It feels like the first day skiing when he hasn’t done it for a year. It takes him a while to find his rhythm, to ease into his balance. His social skills have rusted; he’s spent too long hanging out with Julia’s sister, Julia’s friends. Too long doing nothing but think of Julia. Sitting here is pleasant, seeking to be entertaining, responding to Rebecca’s lively account of herself. He takes her in more fully. She isn’t beautiful – not like Julia – but her features are growing on him as they become more familiar...

© Sarah Evans 2008


Peter's Testimony

by Elizabeth Weir

...‘You’re different.’ She says, her eyes squinting, her head held sideways.
     ‘You’re more …real. Not like you are in college.’ I’m lost actually. I lift my shoulders. ‘I can’t do that’ she says.
     ‘Wear different faces. Be a different person in different situations.
     ‘It’s called working. You’ll find out soon enough.’
     ‘I’m never going to work like that.’
     ‘No. I’m going to be a painter.’

Later, she tells me she knew that I’d been watching her; that my desire for her was like a force-field, pulling her in – she would die and I would die if we did not close the distance. If it was wrong, then it was the world was wrong, not us. We become accomplices in love.
Slowly my world contracts to a mini universe where Alison and I are the only inhabitants. I avoid all outside contact. I turn down invitations for dinner. I ignore messages left on my phone. I’m impatient to get away from my students. It’s not that I don’t like these people any more; it’s just that the moment always comes when I look at them and think: but you’re not Alison. And I have to go to her, to reassure myself that she is real – that she is not someone I’ve dreamed up, because a part of me is always uncertain round Alison. I tell her that I love her and she says,  ‘Why do you love me, Peter?’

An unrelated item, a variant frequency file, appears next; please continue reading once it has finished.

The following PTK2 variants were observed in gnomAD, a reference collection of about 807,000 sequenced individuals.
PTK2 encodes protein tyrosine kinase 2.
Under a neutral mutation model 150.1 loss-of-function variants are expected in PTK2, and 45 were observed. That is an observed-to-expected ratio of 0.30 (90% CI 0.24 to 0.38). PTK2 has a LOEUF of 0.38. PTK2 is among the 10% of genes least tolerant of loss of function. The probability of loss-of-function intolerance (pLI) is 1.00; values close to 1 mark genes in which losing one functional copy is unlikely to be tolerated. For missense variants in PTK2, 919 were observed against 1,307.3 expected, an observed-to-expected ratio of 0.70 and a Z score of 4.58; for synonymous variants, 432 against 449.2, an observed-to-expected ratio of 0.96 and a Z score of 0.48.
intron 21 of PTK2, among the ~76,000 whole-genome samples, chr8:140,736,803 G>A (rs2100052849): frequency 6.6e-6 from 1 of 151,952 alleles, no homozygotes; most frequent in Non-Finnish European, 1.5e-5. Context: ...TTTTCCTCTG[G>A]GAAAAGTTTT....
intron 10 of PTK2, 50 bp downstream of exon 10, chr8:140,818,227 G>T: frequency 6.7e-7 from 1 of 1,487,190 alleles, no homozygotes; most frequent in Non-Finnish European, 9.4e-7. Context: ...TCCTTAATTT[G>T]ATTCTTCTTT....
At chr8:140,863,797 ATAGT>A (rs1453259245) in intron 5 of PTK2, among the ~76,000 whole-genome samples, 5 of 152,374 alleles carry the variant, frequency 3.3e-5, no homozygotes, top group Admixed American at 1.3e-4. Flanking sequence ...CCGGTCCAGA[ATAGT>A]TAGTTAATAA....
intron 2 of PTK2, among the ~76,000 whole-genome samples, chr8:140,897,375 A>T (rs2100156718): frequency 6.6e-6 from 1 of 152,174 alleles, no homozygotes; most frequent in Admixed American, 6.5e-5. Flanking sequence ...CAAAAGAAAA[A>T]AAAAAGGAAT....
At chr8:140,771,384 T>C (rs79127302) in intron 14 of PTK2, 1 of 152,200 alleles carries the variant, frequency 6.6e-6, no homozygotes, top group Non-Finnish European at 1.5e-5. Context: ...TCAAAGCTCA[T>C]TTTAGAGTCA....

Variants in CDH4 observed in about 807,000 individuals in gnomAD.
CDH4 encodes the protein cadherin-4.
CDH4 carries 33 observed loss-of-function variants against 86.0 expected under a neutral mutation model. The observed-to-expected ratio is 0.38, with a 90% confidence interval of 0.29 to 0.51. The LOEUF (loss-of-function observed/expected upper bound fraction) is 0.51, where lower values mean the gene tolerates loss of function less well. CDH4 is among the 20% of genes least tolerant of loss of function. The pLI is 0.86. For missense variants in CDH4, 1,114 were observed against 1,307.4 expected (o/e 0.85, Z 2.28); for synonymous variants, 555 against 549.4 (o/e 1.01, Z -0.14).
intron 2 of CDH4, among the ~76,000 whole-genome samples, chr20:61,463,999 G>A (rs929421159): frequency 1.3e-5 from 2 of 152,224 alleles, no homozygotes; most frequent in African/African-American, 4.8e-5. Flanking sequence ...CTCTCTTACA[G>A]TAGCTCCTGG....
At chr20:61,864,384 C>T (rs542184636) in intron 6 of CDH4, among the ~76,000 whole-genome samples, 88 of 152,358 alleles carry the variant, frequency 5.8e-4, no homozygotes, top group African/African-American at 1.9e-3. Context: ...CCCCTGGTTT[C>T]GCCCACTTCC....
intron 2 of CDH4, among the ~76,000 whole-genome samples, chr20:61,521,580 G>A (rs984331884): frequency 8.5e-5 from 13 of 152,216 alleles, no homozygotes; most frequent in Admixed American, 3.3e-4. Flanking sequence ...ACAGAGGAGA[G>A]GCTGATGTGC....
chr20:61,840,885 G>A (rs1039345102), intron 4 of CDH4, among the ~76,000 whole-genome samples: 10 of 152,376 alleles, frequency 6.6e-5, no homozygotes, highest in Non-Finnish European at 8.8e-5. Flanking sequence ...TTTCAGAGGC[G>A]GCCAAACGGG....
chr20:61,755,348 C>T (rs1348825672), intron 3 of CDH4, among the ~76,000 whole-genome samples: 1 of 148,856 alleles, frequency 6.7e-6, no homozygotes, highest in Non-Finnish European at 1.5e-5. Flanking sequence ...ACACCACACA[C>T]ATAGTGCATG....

‘Because you’re you.’
     ‘And who is that?’
     ‘You – Alison Aherne!’
     ‘Never heard of her.’ And then she laughs, and lets me kiss her....

© Elizabeth Weir 2008


The Big, Bad Wolf 

by Diane Churchill-Evans

'Once upon a time there lived a pretty, little village girl who always wore a red cloak with a hood and so the villagers called her Little Red Riding Hood.'

This is one of Karen's favourite stories. Her mother reads to her every night before she goes to sleep. Karen has been brought up on a mixture of Western and Oriental fairytales. The first Christmas after they had moved to England, Karen's father bought her a colourful picture book of Japanese fairytales that contained a particularly good story about a wise monkey. Really it had been bought as an indirect gesture to her mother, who smiled in tender amusement at her husband's efforts to find the nearest thing he could to her own culture. He confessed he had been unable to find a book of Vietnamese fairytales, or even Chinese fairytales come to that because surely they would have come close to the mark?

© Diane Churchill-Evans 2008

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The anthology 


Loretta's Parrot and other stories


is now available from libraries and independent bookshops 

or direct from Earlyworks Press.


Loretta's Parrot cover pic


An escaped parrot changes lives on the streets of Glasgow, an art historian finds a young lover too much to handle, a big-game hunter meets an unexpected nemesis - and that's just the first three stories.

This colourful and varied anthology offers a window onto the lives of amnesty activists and kidnappers, soldiers and aid workers, jazzers, photographers, Irish dancers and taxi-drivers - through stories fizzing with love, laughter fear and revenge, fairytales, dreams and nightmares.

Cover art by Catherine Edmunds 

Published by Earlyworks Press ISBN 978 1 906451 14 1 

£9.95 + £1.50  towards p&p to UK addresses


NB To contributing authors - if you use the Paypal button here you will be charged the retail price. Please email us for author-rate discount copies.